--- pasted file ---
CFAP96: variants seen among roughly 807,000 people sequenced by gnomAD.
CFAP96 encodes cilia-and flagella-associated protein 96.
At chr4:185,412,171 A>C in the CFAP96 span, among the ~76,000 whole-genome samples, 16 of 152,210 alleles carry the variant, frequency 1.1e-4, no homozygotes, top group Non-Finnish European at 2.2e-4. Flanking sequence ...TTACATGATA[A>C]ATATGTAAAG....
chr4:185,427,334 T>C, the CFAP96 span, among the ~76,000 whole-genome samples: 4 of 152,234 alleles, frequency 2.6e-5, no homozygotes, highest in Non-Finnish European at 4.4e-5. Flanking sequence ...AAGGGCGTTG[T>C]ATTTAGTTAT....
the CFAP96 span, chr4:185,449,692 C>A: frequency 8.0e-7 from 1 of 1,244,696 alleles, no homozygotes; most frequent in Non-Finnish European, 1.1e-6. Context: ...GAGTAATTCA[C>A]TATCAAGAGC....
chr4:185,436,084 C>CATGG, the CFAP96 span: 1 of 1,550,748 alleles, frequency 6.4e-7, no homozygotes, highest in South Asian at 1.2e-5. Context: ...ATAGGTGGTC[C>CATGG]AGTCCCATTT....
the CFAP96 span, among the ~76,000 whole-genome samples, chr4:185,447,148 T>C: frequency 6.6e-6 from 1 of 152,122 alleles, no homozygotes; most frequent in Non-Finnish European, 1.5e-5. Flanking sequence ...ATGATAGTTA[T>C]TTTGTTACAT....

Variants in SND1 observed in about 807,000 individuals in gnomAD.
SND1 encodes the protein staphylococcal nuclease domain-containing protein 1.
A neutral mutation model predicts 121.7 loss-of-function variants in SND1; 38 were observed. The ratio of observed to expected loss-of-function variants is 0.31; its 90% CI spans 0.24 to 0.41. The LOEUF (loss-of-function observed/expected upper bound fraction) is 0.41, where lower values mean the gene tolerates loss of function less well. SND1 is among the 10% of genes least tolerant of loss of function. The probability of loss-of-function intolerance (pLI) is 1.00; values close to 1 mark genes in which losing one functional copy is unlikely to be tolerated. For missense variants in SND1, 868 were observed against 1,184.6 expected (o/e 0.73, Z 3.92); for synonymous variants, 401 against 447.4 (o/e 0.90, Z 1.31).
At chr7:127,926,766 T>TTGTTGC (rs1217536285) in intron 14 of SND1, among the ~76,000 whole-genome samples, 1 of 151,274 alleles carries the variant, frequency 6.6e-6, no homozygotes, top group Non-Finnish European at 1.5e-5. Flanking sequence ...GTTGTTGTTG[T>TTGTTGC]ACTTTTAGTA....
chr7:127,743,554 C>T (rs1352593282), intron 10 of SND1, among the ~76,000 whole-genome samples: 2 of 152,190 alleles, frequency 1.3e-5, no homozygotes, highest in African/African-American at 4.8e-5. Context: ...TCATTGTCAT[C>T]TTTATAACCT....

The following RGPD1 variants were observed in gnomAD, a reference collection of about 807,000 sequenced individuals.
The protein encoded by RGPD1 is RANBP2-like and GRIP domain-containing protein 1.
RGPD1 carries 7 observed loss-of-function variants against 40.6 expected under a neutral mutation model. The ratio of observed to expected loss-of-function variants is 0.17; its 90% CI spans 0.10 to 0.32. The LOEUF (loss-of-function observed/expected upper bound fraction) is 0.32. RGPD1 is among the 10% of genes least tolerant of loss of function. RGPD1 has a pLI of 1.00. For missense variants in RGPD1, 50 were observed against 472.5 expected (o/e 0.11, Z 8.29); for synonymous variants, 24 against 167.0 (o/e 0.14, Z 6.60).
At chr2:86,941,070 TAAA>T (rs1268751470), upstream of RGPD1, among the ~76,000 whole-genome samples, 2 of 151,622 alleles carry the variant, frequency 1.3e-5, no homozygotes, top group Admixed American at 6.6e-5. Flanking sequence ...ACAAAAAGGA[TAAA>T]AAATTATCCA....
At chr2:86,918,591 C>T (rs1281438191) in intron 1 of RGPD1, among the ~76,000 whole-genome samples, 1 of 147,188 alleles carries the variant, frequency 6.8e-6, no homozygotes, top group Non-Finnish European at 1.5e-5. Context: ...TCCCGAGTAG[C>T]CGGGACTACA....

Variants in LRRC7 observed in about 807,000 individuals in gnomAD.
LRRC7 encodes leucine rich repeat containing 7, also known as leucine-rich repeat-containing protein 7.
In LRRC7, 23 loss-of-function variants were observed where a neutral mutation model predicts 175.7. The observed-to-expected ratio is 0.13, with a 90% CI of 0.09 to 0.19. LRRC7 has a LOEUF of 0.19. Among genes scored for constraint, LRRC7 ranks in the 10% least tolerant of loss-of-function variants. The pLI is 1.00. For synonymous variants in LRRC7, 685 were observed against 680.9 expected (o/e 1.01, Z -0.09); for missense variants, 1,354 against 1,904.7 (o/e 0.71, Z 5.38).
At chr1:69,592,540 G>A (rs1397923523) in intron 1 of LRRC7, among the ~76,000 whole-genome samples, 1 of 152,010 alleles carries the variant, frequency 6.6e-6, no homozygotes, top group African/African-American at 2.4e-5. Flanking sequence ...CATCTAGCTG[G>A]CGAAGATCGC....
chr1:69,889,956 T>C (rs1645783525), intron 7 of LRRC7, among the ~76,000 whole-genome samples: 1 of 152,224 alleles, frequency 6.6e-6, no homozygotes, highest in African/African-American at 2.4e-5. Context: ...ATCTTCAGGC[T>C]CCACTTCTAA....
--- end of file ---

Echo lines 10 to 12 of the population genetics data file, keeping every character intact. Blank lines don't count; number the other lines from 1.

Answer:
A neutral mutation model predicts 121.7 loss-of-function variants in SND1; 38 were observed. The ratio of observed to expected loss-of-function variants is 0.31; its 90% CI spans 0.24 to 0.41. The LOEUF (loss-of-function observed/expected upper bound fraction) is 0.41, where lower values mean the gene tolerates loss of function less well. SND1 is among the 10% of genes least tolerant of loss of function. The probability of loss-of-function intolerance (pLI) is 1.00; values close to 1 mark genes in which losing one functional copy is unlikely to be tolerated. For missense variants in SND1, 868 were observed against 1,184.6 expected (o/e 0.73, Z 3.92); for synonymous variants, 401 against 447.4 (o/e 0.90, Z 1.31).
At chr7:127,926,766 T>TTGTTGC (rs1217536285) in intron 14 of SND1, among the ~76,000 whole-genome samples, 1 of 151,274 alleles carries the variant, frequency 6.6e-6, no homozygotes, top group Non-Finnish European at 1.5e-5. Flanking sequence ...GTTGTTGTTG[T>TTGTTGC]ACTTTTAGTA....
chr7:127,743,554 C>T (rs1352593282), intron 10 of SND1, among the ~76,000 whole-genome samples: 2 of 152,190 alleles, frequency 1.3e-5, no homozygotes, highest in African/African-American at 4.8e-5. Context: ...TCATTGTCAT[C>T]TTTATAACCT....